Feld wrote a letter to the Federal Communications Commission in February to oppose the shutdowns, arguing they put vulnerable communities at risk. AT&T's network shutdown will critically disrupt home medical alert systems, DUI monitoring systems, home confinement alarms and other systems necessary to protect life and safety, he wrote.
"While AT&T argues that alarm companies could have diverted resources from new subscribers in the early stages of the pandemic, this is an unreasonable argument here," Feld wrote. "People eager to have new alarms installed in 2020 were not the same people who already have alarms and were unwilling to allow workers into their homes. Nor could the alarm industry reasonably have anticipated the length and severity of the chip shortage."
A little over two weeks after AT&T began 3G shut downs, Bill Signer, executive managing director at the Carmen Group, a government affairs consulting firm, said that though it is hard to measure the amount of unreported injuries due to disconnections at this point in time, the disruptions are certainly causing problems.
"A lot of 911 switchboards are being lit up with signals saying certain devices are no longer working, which is distracting for operators," Signer said in an interview with S&P Global Market Intelligence.
Feld said the majority of emergency technology operates on AT&T's network. While Verizon's and T-Mobile's 3G sunsets will likely cause similar issues, the magnitude will be smaller. Because AT&T was the first and the largest emergency service provider to shut down, the negative effects were amplified, he said.
In an August 2021 petition to the FCC, representatives of AT&T wrote that the global chip shortage should not absolve alarm companies from upgrading their systems.
"Whatever the precise dimensions of the global chip shortage, it has not kept the major alarm companies from continued success in winning and activating new customers, as confirmed by the highly positive investor presentations," the petition states.
3G technology has also allowed drivers to use GPS navigation, locate stolen vehicles and contact 911 for over 20 years.
Some auto manufacturers have posted information to their websites to address common questions about affected technology. General Motors Co., for example, wrote that vehicles using OnStar on a 3G network will require a software update by February 2022. AT&T is OnStar's sole network provider.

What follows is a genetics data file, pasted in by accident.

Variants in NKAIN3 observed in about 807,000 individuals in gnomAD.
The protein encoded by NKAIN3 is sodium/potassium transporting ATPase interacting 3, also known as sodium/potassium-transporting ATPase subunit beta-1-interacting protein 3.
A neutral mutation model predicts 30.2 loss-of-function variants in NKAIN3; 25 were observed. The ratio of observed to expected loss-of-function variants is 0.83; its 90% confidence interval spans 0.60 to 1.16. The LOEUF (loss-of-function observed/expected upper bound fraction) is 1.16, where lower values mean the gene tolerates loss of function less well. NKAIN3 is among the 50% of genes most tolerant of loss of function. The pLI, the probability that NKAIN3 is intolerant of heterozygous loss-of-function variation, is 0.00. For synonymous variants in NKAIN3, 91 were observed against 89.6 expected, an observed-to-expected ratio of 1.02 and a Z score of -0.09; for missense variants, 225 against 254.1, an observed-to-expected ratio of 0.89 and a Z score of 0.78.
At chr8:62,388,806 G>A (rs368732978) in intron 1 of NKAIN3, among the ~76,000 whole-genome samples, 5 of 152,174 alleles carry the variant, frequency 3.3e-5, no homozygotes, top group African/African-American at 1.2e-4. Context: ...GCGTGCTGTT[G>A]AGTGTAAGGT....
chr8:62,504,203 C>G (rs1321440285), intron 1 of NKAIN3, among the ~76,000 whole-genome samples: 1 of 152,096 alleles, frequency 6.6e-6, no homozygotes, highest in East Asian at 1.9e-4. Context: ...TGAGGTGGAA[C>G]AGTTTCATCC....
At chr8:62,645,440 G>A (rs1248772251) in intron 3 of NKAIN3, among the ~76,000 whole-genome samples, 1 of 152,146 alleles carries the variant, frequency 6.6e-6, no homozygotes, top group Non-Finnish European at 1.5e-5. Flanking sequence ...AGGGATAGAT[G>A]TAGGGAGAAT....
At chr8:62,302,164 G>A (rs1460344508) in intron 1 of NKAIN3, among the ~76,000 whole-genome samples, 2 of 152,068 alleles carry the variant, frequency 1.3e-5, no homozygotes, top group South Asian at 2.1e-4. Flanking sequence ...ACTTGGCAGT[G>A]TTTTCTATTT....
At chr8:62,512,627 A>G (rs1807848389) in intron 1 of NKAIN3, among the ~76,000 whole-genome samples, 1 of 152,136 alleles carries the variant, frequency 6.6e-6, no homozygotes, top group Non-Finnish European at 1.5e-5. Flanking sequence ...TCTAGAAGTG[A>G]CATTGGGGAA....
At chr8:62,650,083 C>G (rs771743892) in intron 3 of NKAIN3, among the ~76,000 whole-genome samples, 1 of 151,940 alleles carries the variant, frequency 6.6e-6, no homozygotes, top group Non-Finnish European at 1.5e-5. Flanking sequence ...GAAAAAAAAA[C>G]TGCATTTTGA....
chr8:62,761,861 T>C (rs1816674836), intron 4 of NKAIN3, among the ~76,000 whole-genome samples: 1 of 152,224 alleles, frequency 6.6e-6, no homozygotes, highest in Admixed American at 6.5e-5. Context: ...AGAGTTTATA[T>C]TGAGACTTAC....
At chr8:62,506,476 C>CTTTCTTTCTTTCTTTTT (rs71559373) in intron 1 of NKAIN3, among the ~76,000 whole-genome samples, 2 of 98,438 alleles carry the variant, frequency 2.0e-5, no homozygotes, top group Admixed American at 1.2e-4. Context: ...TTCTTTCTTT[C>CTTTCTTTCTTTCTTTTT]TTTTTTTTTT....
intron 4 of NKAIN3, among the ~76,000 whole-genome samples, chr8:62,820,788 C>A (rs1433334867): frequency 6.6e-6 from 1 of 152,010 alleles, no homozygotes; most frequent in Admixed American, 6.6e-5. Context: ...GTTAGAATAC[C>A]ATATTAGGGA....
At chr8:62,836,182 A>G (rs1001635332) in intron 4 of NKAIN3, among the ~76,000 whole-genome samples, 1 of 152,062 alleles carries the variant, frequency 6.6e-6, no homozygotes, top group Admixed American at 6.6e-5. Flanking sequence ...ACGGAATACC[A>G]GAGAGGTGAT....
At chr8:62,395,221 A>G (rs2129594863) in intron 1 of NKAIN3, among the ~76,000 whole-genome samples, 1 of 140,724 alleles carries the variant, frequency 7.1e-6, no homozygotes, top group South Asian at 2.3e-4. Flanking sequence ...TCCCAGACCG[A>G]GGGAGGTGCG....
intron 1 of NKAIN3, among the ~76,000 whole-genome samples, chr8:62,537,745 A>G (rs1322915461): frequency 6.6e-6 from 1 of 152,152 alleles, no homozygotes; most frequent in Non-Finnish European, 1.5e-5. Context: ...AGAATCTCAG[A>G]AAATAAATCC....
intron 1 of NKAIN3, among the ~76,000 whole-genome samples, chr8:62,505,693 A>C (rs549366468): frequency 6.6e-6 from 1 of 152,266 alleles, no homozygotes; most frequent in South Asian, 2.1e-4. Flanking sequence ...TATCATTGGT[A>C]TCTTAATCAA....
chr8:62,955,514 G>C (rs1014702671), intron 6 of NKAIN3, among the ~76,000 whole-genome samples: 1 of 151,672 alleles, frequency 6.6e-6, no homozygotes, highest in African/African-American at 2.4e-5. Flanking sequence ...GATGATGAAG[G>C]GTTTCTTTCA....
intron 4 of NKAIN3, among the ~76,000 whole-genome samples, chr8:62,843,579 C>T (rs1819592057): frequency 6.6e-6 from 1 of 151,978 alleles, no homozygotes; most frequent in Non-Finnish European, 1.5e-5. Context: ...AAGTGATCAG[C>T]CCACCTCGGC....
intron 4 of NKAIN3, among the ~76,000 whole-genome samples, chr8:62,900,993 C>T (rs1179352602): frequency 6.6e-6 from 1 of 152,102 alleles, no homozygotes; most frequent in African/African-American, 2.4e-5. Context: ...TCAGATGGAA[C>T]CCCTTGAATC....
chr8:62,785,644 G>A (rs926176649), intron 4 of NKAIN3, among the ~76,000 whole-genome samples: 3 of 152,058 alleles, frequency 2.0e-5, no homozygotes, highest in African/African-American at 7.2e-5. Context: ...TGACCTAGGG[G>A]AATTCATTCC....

The rise of smartphones, which 85% of Americans now own, according to Pew Research, has made drivers less dependent on in-car technologies like navigation and emergency calling. Roger Lanctot, director of automotive connected mobility at the consulting firm Strategy Analytics, said he does not expect all impacted auto owners to take advantage of upgrades, since many feel comfortable depending solely on their smartphones in the case of an emergency. Despite high smartphone usage in the U.S., Lanctot expects automakers to include a variety of data-dependent in-car technologies for years to come.
"From a business standpoint, if you're an automaker, you want to be connected to your customer," Lanctot said. "You don't want to be dependent on a smartphone app or the smartphone provider to be connected with your customer; you want to know how the vehicle is performing and to you want access to diagnostic data. You want to be there for that customer in both the best and worst of circumstances."
The risk goes beyond consumer vehicles, where most drivers have smart phones, Feld said.
"School buses as well as trucks automatically report vehicle safety data over 3G networks," Feld said in an interview with S&P Global Market Intelligence. "If operators no longer have access to this, at-risk vehicles will be on the road."